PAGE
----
[TUHS] Sockets vs Streams (was Re: forgotten versions

Norman Wilson norman at oclsc.org
Sat Jun 18 04:54:45 AEST 2022

As one of the few remaining people who has actually worked
with the original dmr stream I/O system, I'd love to dive
into the debate here, but I don't have time.  I can't resist
commenting on a few things that have flown by, though.  Maybe
I can find time to engage better on the weekend.

-- If you think there were no record delimiters in the stream
system, you don't know enough about it.  A good resource to
repair that is Dennis's BSTJ paper:


It's an early description and some of the details later
evolved (for example we realized that once pipes were
streams, we no longer needed pseudoterminals) but the
fundamentals remained constant.

See the section about Message blocks, and the distinction
between data and control blocks.  Delimiters were one kind
of control; there were others, some of them potentially
specific to the network at hand.  In particular, Datakit
(despite being a virtual-circuit network) had several sorts
of control words, including message delimiters.  Delimiters
were necessary even just for terminals, though: how else
does the generic read(2) code know to return early, before
filling the buffer, when a complete line has arrived?

-- It's hard to compare sockets to streams and make much
sense, because they are very different kinds of thing.
When people talk about sockets, especially when complaining
that sockets are a mess, they usually mean the API: system
calls like connect and listen and getpeername and so on.

The stream system was mainly about the internal structure--
the composable modules and the general-purpose queue interface
between them, so that you could take a stream representing
an (already set up) network connection and push the tty
module on it and have a working remote terminal, no need
for user-mode programs and pseudo-terminals.

It's not inconceivable to build a system with socket-like
API and stream internals.

-- Connection setup was initially done with network-specific
magic messages and magic ioctls.  Later we moved the knowledge
of that messy crap into network-specific daemons, so a user
program could make a network call just by calling
	fd = ipcopen("string-destination-name")
without knowing or caring whether the network transport was
TCP or Datakit or involved forwarding over Datakit to a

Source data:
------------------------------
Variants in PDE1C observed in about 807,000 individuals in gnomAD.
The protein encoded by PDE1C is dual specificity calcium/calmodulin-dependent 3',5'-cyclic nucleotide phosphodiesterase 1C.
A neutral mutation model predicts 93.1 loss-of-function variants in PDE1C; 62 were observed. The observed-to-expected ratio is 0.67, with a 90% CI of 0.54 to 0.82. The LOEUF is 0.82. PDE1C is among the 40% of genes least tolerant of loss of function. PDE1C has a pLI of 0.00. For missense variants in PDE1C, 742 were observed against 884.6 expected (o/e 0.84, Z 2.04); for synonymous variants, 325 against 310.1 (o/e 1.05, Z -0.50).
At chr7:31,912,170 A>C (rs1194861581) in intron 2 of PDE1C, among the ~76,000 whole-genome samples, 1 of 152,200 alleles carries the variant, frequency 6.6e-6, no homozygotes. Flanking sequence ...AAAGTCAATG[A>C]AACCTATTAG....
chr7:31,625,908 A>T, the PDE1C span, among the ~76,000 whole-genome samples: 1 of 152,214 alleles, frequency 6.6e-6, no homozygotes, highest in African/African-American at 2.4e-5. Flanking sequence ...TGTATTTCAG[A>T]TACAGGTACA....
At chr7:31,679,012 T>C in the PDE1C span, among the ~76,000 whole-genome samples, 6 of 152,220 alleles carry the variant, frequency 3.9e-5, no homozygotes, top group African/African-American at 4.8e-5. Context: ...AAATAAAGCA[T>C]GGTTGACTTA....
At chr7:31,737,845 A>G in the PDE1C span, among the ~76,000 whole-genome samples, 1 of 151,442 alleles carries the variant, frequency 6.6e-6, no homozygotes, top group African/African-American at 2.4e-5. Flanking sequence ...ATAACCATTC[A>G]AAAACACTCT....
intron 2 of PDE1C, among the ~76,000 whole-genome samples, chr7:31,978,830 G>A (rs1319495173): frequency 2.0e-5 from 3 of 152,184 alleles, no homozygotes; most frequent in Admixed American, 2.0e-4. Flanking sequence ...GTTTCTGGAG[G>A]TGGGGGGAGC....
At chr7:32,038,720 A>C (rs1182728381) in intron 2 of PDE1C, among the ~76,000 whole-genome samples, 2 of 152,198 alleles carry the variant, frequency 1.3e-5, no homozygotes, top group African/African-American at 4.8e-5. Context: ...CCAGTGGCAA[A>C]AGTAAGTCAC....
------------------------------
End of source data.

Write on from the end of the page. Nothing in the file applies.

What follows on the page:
gateway that then placed a TCP call to the Internet or whatnot.
That's what the connection server was all about:


Again, the API is not specific to the stream system.  It
wouldn't be hard to write a connection server that provided
the same universal just-use-a-string interface (with the
privileged parts or network details left up to daemons)
on a system with only socket networking; the only subtle
bit is that it needs to be possible to pass an open file
descriptor from one process to another (on the same system),
which I don't think the socket world had early on but I
believe they added long ago.

-- There's nothing especially hard about UDP or broadcast.
It's not as if the socket abstraction has some sort of magic
datagram-specific file descriptor.  Since every message sent
and every message received has to include the far end's
address info, you have to decide how to do that, whether
by specifying a format for the data (the first N bytes are
always the remote's address, for example) or provide an
out-of-band mechanism (some ioctl mess that lets you
supply it separately, a la sendto/recvfrom, and encodes it
as a control message).

There was an attempt to make UDP work in the 9th/10th edition
era.  I don't think it ever worked very cleanly.  When I
took an unofficial snapshot and started running the system
at home in the mid-1990s, I ended up just tossing UDP out,
because I didn't urgently need it (at the time TCP was good
enough for DNS, and I had to write my own DNS resolver anyway).
I figured I'd get around to fixing it later but never did.
But I think the only hard part is in deciding on an interface.

-- It's certainly true that the Research-system TCP/IP code
was never really production-quality (and I say that even
though I used it for my home firewall/gateway for 15 years).
TCP/IP wasn't taken as seriously as it ought to have been
by most of us in 1127 in the 1980s.  But that wasn't because
of the stream structure--the IP implementation was in fact
a copy of that from 4.2 (I think) BSD, repackaged and
shoehorned into the stream world by Robert T Morris, and
later cleaned up quite a bit by Paul Glick.  Maybe it would
have worked better had it been done from scratch by someone
who cared a lot about it, as the TCP/IP implementors in the
BSD world very much did.  Certainly it's a non-trivial design
problem--the IP protocols and their sloppy observance of
layering (cf the `pseudo header' in the TCP and UDP standards)
make them more complicated to implement in a general-purpose

Or maybe it just can't be done, but I wish someone had
tried in the original simpler setup rather than the
cluttered SVr4 STREAMS.

Norman Wilson
Toronto ON

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